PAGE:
Developer – Acquire sites, bring financing, pull permits, get approvals Solar Installer – Manage the construction process, put panels and racks on the ground Site Owner – Provides the building or land on which the solar installation is developed Subscription Manager – Ensure the solar installation is managed over time, sell and buy subscriptions, track production, report production to utility Subscriber – Sign agreement that provides up to 25 years of solar electric production Think of a CSG as a development 11
CERTs - Community Solar Resources More Resources: http://www.cleanenergyresourceteams.org/technology/solar
“Community Solar Gardens” (CSGs) Who thought of all this?
Community Solar Gardens? Community Solar Gardens (CSGs) grew out of a broader concept of “community solar” that has been around for 15 years or more The first CSG is credited with being developed in 2006 in Ellensburg, Washington, a 26 KW system. A number of states have passed CSG laws or related enabling legislation.
Minnesota’s “Community Solar” juggernaut.... Minnesota’s CSG law is unique in that it is “uncapped.” After months of arguing about the interpretation and application of the law, the Xcel Energy tariff was opened in late December Xcel had over 420 MW of proposals in the first week If even half of these are developed, Minnesota will have more community solar than the rest of the nation combined. Minnesota Community Solar Law 16
Xcel must create a “community solar” tariff (MN Statutes 216B.1641) that would enable the financing of community solar systems Maximum CSG size is 1 MW, no fewer than 5 subscribers per CSG, smallest subscription is 200 watts. Must credit subscribers at “value of solar” or applicable retail rate Minnesota Community Solar Law 19
Xcel Energy Tariff on Assignment of Renewable Energy Credits By signing this Community Solar GardenSolar*Rewards Community Subscriber Agency Agreement and Consent Form, the Subscriber agrees to all of the following: 1. Assignment of Renewable Energy Credits (“RECs”), Energy and Capacity to Northern States Power Company... The Subscriber also agrees that the Community Solar Garden Operator has authority to assign all RECs associated with the photovoltaic energy system at the Community Solar Garden to Northern States Power Company, and that if the Community Solar Garden or a person or entity on its behalf has assigned the RECs to Northern States Power Company, then all RECs associated with the Subscriber’s share of the photovoltaic energy system at the Community Solar Garden shall belong to Northern States Power Company. To REC or not to REC... 20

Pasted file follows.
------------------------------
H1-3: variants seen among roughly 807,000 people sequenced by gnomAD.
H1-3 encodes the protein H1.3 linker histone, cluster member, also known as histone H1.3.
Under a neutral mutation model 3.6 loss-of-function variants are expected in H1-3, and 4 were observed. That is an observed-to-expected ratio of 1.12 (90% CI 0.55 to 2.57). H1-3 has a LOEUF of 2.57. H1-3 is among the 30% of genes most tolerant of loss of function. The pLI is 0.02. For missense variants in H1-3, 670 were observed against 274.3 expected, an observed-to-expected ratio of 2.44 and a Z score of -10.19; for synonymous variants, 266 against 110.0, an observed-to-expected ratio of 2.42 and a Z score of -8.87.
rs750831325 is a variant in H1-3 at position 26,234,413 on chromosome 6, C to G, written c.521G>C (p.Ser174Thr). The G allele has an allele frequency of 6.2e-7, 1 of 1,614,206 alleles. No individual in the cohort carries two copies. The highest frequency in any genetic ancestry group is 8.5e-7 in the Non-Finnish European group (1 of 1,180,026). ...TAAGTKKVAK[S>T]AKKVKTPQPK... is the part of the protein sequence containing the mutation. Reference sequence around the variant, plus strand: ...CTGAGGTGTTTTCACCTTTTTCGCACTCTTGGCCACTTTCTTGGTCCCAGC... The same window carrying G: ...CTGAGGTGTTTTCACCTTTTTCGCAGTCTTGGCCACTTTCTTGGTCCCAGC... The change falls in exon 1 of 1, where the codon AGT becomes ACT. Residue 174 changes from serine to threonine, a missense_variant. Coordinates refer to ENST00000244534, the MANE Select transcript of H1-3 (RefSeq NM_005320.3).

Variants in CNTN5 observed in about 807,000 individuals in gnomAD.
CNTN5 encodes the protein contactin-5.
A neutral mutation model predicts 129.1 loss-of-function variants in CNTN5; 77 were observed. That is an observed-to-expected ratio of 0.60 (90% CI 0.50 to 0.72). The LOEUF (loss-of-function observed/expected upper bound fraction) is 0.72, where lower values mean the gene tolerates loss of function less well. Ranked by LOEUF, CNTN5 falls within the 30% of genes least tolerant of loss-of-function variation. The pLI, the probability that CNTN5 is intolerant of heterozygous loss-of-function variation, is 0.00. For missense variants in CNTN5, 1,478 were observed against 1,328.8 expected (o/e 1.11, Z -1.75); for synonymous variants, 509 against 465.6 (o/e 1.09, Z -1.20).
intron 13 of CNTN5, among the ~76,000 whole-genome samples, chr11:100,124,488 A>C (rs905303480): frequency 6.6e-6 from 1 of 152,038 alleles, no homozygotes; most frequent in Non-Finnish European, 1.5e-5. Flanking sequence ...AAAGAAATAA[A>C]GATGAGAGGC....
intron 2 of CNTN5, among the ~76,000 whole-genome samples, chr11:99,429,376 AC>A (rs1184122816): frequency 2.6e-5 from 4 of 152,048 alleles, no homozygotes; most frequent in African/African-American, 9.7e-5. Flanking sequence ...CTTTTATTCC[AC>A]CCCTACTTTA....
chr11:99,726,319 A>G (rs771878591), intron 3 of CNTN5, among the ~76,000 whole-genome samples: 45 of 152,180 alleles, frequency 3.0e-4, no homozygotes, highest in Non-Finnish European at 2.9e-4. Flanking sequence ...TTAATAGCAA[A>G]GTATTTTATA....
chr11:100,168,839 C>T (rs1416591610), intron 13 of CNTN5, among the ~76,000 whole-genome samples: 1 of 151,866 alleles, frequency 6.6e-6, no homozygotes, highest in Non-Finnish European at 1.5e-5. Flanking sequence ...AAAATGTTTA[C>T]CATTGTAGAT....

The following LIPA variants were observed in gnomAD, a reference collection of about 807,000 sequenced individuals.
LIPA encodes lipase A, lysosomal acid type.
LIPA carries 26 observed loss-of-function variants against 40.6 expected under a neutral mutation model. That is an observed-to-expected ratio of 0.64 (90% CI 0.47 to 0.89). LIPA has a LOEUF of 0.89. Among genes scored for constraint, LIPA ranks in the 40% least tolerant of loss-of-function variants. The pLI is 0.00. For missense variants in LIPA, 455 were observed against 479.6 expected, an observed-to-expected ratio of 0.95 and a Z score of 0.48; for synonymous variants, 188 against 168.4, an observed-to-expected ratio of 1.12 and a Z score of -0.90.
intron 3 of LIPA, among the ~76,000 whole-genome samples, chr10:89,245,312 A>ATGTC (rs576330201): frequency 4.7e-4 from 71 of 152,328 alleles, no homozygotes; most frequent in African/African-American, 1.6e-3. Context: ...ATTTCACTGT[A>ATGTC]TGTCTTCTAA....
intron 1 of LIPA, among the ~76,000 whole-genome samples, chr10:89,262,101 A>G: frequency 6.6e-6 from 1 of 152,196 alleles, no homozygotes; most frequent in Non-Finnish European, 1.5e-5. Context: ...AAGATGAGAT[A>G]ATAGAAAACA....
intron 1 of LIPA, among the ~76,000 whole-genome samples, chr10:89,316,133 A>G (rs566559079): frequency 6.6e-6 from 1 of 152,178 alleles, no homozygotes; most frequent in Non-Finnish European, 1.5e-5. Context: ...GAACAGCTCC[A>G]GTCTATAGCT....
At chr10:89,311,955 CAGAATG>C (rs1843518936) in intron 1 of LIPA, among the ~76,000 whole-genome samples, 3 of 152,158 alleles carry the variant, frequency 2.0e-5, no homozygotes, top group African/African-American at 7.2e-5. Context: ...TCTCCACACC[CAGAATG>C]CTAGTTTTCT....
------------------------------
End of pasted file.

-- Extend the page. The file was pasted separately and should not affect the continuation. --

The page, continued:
Xcel Energy Tariff – Bill Credits for Subscribers To REC or not to REC... 21
Status of CSG Market Businesses and institutions are making significant CSG investments: Several large Minnesota companies have recently made large commitments to solar via the new community solar garden program, including Ecolab’s commitment to power nearly 100% of its Minnesota electric needs through solar production (16 MW of solar capacity). The Saint Paul Public Housing Authority issued an RFP in November for 16 hi-rise apartment buildings, three community centers, and its central administration building A number of local governments are preparing RFPs for bids on CSG subscriber opportunities (but Trevor will tell you all about that... )